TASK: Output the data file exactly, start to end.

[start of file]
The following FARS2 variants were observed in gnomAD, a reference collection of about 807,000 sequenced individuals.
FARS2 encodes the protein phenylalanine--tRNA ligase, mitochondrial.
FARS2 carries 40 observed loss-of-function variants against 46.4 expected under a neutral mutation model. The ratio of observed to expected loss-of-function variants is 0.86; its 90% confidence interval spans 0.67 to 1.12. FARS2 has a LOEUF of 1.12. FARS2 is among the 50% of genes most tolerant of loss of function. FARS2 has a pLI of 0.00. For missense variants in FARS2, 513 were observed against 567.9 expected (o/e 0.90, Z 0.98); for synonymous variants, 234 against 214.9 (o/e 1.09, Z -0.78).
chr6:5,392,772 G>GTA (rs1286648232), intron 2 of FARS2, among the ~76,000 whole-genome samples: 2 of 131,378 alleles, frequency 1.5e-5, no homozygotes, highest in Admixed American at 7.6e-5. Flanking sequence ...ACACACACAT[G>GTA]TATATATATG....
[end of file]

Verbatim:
The following FARS2 variants were observed in gnomAD, a reference collection of about 807,000 sequenced individuals.
FARS2 encodes the protein phenylalanine--tRNA ligase, mitochondrial.
FARS2 carries 40 observed loss-of-function variants against 46.4 expected under a neutral mutation model. The ratio of observed to expected loss-of-function variants is 0.86; its 90% confidence interval spans 0.67 to 1.12. FARS2 has a LOEUF of 1.12. FARS2 is among the 50% of genes most tolerant of loss of function. FARS2 has a pLI of 0.00. For missense variants in FARS2, 513 were observed against 567.9 expected (o/e 0.90, Z 0.98); for synonymous variants, 234 against 214.9 (o/e 1.09, Z -0.78).
chr6:5,392,772 G>GTA (rs1286648232), intron 2 of FARS2, among the ~76,000 whole-genome samples: 2 of 131,378 alleles, frequency 1.5e-5, no homozygotes, highest in Admixed American at 7.6e-5. Flanking sequence ...ACACACACAT[G>GTA]TATATATATG....